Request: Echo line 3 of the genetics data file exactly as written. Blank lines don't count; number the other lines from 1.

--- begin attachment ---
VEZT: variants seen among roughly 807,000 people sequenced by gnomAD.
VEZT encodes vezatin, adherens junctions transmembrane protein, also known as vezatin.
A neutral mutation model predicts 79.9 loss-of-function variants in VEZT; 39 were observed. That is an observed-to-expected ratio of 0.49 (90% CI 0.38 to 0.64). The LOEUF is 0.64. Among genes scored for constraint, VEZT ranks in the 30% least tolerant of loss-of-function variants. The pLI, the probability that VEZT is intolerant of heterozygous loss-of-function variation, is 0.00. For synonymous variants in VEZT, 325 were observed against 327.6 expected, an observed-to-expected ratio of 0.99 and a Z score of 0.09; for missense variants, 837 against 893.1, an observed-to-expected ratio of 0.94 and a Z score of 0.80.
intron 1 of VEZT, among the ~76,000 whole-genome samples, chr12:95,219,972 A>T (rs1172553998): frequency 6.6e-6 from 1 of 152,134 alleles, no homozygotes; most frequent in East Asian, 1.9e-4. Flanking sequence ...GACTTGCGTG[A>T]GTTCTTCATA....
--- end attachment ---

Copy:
A neutral mutation model predicts 79.9 loss-of-function variants in VEZT; 39 were observed. That is an observed-to-expected ratio of 0.49 (90% CI 0.38 to 0.64). The LOEUF is 0.64. Among genes scored for constraint, VEZT ranks in the 30% least tolerant of loss-of-function variants. The pLI, the probability that VEZT is intolerant of heterozygous loss-of-function variation, is 0.00. For synonymous variants in VEZT, 325 were observed against 327.6 expected, an observed-to-expected ratio of 0.99 and a Z score of 0.09; for missense variants, 837 against 893.1, an observed-to-expected ratio of 0.94 and a Z score of 0.80.